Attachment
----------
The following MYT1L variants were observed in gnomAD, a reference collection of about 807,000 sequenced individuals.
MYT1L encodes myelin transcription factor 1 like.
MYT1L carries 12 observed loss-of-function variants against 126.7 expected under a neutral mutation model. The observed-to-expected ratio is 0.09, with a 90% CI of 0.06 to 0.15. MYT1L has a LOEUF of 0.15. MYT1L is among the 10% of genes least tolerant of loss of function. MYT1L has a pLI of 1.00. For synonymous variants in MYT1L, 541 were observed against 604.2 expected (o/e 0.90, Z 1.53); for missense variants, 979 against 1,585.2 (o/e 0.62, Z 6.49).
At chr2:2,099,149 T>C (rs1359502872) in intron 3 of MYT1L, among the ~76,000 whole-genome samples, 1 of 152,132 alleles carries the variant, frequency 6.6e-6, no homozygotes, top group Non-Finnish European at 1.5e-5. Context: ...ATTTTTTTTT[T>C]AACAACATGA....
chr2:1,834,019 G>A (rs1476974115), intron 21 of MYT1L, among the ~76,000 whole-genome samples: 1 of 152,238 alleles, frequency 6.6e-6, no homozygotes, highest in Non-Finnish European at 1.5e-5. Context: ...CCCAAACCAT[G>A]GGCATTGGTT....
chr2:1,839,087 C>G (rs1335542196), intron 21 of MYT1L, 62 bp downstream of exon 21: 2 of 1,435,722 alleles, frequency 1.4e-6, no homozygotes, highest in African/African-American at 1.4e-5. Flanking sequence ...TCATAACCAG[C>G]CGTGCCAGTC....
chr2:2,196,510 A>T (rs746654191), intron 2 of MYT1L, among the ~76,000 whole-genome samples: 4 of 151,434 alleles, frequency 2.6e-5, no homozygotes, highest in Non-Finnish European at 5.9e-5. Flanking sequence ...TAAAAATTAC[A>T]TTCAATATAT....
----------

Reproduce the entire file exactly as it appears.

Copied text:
The following MYT1L variants were observed in gnomAD, a reference collection of about 807,000 sequenced individuals.
MYT1L encodes myelin transcription factor 1 like.
MYT1L carries 12 observed loss-of-function variants against 126.7 expected under a neutral mutation model. The observed-to-expected ratio is 0.09, with a 90% CI of 0.06 to 0.15. MYT1L has a LOEUF of 0.15. MYT1L is among the 10% of genes least tolerant of loss of function. MYT1L has a pLI of 1.00. For synonymous variants in MYT1L, 541 were observed against 604.2 expected (o/e 0.90, Z 1.53); for missense variants, 979 against 1,585.2 (o/e 0.62, Z 6.49).
At chr2:2,099,149 T>C (rs1359502872) in intron 3 of MYT1L, among the ~76,000 whole-genome samples, 1 of 152,132 alleles carries the variant, frequency 6.6e-6, no homozygotes, top group Non-Finnish European at 1.5e-5. Context: ...ATTTTTTTTT[T>C]AACAACATGA....
chr2:1,834,019 G>A (rs1476974115), intron 21 of MYT1L, among the ~76,000 whole-genome samples: 1 of 152,238 alleles, frequency 6.6e-6, no homozygotes, highest in Non-Finnish European at 1.5e-5. Context: ...CCCAAACCAT[G>A]GGCATTGGTT....
chr2:1,839,087 C>G (rs1335542196), intron 21 of MYT1L, 62 bp downstream of exon 21: 2 of 1,435,722 alleles, frequency 1.4e-6, no homozygotes, highest in African/African-American at 1.4e-5. Flanking sequence ...TCATAACCAG[C>G]CGTGCCAGTC....
chr2:2,196,510 A>T (rs746654191), intron 2 of MYT1L, among the ~76,000 whole-genome samples: 4 of 151,434 alleles, frequency 2.6e-5, no homozygotes, highest in Non-Finnish European at 5.9e-5. Flanking sequence ...TAAAAATTAC[A>T]TTCAATATAT....